When our customers think they are going to be forced to deal with any bank, it creates fear. Giving out incorrect information concerning federal benefits only causes unnecessary concern. Readers should be aware of their options and know that this direct deposit requirement has not been enacted.
RONALD A. SEAGRAVES
Atlantic City Check Cashing
Candidates would benefit
Lower Twp. school board
On Nov. 6, three qualified women are seeking seats on the Lower Township Board of Education.
Joell Worster, a school psychologist for 13 years who is completing her supervisory certification, will bring that knowledge along with her experience as a parent of children in the Lower Township schools. A lifelong resident, she is committed to pursuing quality education to help every child grow and become productive and successful adults.
Dawn Aftanis believes education is the foundation of our children's future and that children learn in different ways. She studied early childhood education at Bucks County Community College and works in educational administration as the secretary to the superintendent in Middle Township. She is the parent of two children.
Patricia Smith operated the Country School on Townbank Road for 20 years before teaching at the Mitnick School for 18 years. She has a bachelor's degree in elementary education and a certificate in early childhood education. A longtime township resident, she previously served on the Lower Township and the Lower Cape May Regional boards of education.
Please support these candidates who are "Committed to children and change."
an insult to voters
This election campaign has engendered many emotions - fear, worry, but mainly, for me, the feeling of being insulted. It has been long on personal attacks and short on substance. We make decisions based on statements made out-of- context. There are so many problems looming, but our focus becomes blunder, binders and Big Bird.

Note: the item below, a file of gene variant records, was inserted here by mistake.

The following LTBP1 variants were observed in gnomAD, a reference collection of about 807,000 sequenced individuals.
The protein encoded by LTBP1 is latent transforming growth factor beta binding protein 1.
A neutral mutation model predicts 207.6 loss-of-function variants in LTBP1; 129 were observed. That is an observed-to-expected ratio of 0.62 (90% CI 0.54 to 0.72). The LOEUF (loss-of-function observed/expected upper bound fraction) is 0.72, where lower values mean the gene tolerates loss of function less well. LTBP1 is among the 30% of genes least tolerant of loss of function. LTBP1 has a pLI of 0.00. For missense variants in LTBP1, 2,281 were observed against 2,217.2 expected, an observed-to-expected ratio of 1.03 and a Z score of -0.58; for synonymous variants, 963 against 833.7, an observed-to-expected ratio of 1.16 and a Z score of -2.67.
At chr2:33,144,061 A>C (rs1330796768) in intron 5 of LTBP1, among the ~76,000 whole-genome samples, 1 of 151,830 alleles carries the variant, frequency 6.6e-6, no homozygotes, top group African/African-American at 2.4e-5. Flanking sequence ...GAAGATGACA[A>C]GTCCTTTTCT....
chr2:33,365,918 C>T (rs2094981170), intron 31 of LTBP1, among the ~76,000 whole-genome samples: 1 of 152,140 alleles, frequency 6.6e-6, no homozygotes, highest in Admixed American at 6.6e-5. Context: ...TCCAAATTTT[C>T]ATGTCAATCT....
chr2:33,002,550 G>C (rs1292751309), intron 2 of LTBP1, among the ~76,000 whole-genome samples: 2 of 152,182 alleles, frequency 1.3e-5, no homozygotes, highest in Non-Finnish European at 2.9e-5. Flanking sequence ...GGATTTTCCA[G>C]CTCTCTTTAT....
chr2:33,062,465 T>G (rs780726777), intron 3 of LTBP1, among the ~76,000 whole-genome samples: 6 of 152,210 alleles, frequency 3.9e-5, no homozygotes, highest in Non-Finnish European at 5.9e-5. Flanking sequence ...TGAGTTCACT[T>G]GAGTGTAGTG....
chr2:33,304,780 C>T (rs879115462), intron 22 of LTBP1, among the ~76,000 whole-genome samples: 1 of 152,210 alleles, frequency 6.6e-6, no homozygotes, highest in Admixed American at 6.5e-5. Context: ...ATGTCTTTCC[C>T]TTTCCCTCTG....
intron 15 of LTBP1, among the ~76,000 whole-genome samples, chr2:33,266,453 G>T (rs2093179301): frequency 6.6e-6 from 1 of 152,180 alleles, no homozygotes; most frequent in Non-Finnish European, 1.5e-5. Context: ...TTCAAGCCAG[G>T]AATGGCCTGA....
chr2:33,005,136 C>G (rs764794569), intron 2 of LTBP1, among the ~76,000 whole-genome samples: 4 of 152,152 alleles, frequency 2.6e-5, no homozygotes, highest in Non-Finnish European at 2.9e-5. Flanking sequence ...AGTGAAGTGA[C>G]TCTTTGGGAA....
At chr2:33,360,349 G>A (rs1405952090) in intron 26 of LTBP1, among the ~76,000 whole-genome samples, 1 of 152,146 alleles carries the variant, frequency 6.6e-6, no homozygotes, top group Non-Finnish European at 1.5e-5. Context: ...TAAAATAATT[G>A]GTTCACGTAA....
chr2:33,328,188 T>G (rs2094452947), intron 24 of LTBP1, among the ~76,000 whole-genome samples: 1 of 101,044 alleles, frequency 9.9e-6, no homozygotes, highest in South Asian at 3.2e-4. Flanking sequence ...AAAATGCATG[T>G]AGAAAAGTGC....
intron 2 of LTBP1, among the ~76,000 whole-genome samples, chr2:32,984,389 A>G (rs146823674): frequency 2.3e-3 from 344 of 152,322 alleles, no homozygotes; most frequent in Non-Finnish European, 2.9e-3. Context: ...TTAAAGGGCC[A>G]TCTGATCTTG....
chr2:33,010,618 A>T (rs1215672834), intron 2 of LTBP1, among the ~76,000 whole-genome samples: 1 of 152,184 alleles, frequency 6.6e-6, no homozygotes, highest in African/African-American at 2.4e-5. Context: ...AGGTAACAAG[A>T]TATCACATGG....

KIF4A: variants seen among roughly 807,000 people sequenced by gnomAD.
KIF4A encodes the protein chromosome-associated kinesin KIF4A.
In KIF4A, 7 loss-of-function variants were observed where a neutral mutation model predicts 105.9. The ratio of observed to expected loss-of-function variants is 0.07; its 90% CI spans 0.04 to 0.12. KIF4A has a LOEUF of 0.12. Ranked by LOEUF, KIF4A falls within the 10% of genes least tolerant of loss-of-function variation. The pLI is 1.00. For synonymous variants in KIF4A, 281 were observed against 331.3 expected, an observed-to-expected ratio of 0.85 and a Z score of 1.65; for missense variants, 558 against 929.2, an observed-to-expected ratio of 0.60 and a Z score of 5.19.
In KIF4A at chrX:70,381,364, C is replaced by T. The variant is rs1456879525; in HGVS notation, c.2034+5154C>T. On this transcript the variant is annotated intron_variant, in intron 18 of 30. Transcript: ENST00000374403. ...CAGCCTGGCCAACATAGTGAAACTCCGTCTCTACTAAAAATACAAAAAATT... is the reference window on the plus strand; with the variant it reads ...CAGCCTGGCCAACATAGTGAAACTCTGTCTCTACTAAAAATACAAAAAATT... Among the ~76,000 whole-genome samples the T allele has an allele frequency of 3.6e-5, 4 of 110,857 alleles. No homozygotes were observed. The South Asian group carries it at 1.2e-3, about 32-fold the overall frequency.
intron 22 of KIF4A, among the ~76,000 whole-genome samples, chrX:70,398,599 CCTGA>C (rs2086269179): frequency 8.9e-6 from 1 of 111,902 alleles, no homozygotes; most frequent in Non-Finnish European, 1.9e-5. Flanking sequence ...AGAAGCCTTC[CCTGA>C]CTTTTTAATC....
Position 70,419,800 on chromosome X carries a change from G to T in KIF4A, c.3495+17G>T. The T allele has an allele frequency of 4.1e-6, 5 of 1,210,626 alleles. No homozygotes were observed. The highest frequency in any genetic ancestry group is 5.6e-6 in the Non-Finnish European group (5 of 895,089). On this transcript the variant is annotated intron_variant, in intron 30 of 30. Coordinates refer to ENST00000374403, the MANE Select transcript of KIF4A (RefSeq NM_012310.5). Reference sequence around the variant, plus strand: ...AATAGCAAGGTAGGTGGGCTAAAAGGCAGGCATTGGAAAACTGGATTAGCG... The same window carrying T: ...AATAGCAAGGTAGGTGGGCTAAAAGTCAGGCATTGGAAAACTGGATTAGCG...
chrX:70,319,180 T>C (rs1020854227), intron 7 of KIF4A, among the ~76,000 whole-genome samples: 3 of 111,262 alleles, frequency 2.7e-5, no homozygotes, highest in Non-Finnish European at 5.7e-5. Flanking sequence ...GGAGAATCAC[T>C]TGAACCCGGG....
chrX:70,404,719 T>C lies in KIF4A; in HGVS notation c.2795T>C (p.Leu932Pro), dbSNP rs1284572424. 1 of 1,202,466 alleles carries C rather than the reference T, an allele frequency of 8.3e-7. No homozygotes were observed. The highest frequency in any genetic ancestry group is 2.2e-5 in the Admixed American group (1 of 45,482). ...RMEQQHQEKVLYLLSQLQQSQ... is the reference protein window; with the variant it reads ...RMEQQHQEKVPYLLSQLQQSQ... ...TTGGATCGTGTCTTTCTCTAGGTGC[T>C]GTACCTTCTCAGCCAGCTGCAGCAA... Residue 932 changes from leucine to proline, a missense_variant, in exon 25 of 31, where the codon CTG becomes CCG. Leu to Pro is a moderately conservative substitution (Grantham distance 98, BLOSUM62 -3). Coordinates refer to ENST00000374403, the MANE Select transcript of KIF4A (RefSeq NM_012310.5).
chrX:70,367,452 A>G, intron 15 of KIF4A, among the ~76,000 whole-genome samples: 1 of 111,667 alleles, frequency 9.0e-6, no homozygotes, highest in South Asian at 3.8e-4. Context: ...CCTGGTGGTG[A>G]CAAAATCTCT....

Have you enjoyed the voter categorization? You are not a person with a vote. No, you are pigeonholed into color, creed, gender, age, marital status and just about every other distinguishable feature. I feel the most insulting placement is to be considered a percentage, which implies people who must all act and think the same way.
The cost of elections is really over the top. Think of how many problems could be solved with the money being used for name-calling and bully-like behaviors.
We have leaders who are not leading and followers who follow for personal gain. Government is in shambles, education in chaos, the medical system is teetering and families are in crisis. Which one person could solve these problems?
The job is bigger than one person and one party. It will take a unified effort and sacrifice, but I don't see that happening any time soon.
People seem to be more concerned about what's in it for me and the rest can fend for themselves, which is certainly a path leading to destruction.
I would encourage you to vote in this election. We have a long, complicated ballot. It is not a game. Think long and hard about how to vote. The only wasted vote is an uncast vote. Vote on Nov. 6. It is one of your remaining freedoms.
WARREN L. CRESCENZO